Because German free diver Tom Sietas just set a world record for holding his, get this, 22:22. Yep, over 20 minutes. It's not as though I follow
this sort of thing, but I literally didn't even know that was possible. Here's the link:
I've timed myself up to 2 minutes before. Not sure how much more beyond that I COULD go, but not much without a lot of training. Those divers
are just nuts, though. In addition to the pure oxygen, lung capacity, and not eating mentioned in the article, don't they also basically
hyperventilate first to super-saturate their blood with oxygen?
I have held my breath for 3:47. I was also in the caribbean at the time and I would free dive on my days off. One of the keys to freediving is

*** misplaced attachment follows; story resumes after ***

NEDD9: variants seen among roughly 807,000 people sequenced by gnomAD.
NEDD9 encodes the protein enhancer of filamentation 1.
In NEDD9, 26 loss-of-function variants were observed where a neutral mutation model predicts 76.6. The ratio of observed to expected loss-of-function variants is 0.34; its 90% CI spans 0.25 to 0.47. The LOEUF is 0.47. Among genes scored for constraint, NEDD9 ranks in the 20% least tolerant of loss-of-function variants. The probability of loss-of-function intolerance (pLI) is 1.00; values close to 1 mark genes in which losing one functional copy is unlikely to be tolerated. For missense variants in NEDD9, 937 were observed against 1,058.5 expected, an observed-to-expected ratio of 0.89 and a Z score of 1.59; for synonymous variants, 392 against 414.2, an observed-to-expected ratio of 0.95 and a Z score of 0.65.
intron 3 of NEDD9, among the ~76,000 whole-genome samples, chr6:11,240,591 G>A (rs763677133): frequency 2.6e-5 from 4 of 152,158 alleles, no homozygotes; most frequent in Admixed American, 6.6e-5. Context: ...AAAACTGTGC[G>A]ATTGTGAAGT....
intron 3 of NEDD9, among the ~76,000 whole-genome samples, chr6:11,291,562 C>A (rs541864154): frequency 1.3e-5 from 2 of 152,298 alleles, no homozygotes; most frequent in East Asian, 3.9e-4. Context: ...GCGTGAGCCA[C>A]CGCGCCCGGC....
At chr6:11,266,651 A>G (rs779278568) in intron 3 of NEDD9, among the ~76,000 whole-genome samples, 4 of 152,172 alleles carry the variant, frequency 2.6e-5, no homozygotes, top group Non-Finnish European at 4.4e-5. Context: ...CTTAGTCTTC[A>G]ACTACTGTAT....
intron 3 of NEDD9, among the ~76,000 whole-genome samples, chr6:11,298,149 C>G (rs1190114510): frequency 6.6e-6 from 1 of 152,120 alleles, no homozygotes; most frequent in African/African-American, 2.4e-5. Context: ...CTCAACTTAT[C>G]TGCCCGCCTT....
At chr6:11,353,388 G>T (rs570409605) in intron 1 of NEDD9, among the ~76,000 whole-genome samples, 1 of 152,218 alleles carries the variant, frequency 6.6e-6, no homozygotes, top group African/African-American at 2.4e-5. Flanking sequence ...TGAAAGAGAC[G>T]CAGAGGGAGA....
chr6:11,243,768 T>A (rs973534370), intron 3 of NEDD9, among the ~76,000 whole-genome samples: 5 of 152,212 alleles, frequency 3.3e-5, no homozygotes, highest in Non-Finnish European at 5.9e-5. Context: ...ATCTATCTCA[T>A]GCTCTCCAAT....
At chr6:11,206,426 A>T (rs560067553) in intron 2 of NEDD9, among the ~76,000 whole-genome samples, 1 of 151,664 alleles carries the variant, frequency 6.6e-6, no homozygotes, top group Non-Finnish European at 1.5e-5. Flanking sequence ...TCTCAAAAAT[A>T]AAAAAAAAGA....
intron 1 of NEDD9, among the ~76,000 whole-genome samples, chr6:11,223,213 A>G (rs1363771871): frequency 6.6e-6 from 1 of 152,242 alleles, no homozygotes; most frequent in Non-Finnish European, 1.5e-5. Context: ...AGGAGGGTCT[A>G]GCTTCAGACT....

hyperventilating before you descend. It loads your bloodstream with oxygen and lets you use that last breath for a little longer. My 3:47 was also
doing a deadmans float, so my muscles weren't using any o2. With fins and a mask and kicking like hell for the surface, probably two mins
I used to be able to hold my breath for one length of a full size college swimming pool swimming under water. I haven't got a clue how long that
took to do. That took years of training for me, forty years later I probably could hold my breath for about ten seconds
The blood and cells can store oxygen and release it when needed. It takes a certain chemical availability and training to utilize this ability. A
structured Diet would also be critical in achieving those results. I'm sure that genetics has something to do with it also to achieve that long a
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